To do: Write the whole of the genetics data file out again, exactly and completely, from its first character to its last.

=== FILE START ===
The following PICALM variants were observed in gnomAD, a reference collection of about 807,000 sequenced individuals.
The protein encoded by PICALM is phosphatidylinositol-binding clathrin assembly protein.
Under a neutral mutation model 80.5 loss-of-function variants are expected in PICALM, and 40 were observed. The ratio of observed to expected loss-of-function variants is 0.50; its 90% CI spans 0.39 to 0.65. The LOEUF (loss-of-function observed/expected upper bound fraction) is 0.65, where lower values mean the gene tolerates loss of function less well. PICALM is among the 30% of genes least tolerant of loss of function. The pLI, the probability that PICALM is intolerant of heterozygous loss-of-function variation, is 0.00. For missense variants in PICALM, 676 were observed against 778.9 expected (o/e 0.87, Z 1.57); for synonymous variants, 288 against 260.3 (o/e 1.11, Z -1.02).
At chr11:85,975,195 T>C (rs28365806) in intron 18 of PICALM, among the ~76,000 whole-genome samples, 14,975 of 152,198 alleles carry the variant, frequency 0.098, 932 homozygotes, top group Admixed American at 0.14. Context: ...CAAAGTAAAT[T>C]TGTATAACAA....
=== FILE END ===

The following PICALM variants were observed in gnomAD, a reference collection of about 807,000 sequenced individuals.
The protein encoded by PICALM is phosphatidylinositol-binding clathrin assembly protein.
Under a neutral mutation model 80.5 loss-of-function variants are expected in PICALM, and 40 were observed. The ratio of observed to expected loss-of-function variants is 0.50; its 90% CI spans 0.39 to 0.65. The LOEUF (loss-of-function observed/expected upper bound fraction) is 0.65, where lower values mean the gene tolerates loss of function less well. PICALM is among the 30% of genes least tolerant of loss of function. The pLI, the probability that PICALM is intolerant of heterozygous loss-of-function variation, is 0.00. For missense variants in PICALM, 676 were observed against 778.9 expected (o/e 0.87, Z 1.57); for synonymous variants, 288 against 260.3 (o/e 1.11, Z -1.02).
At chr11:85,975,195 T>C (rs28365806) in intron 18 of PICALM, among the ~76,000 whole-genome samples, 14,975 of 152,198 alleles carry the variant, frequency 0.098, 932 homozygotes, top group Admixed American at 0.14. Context: ...CAAAGTAAAT[T>C]TGTATAACAA....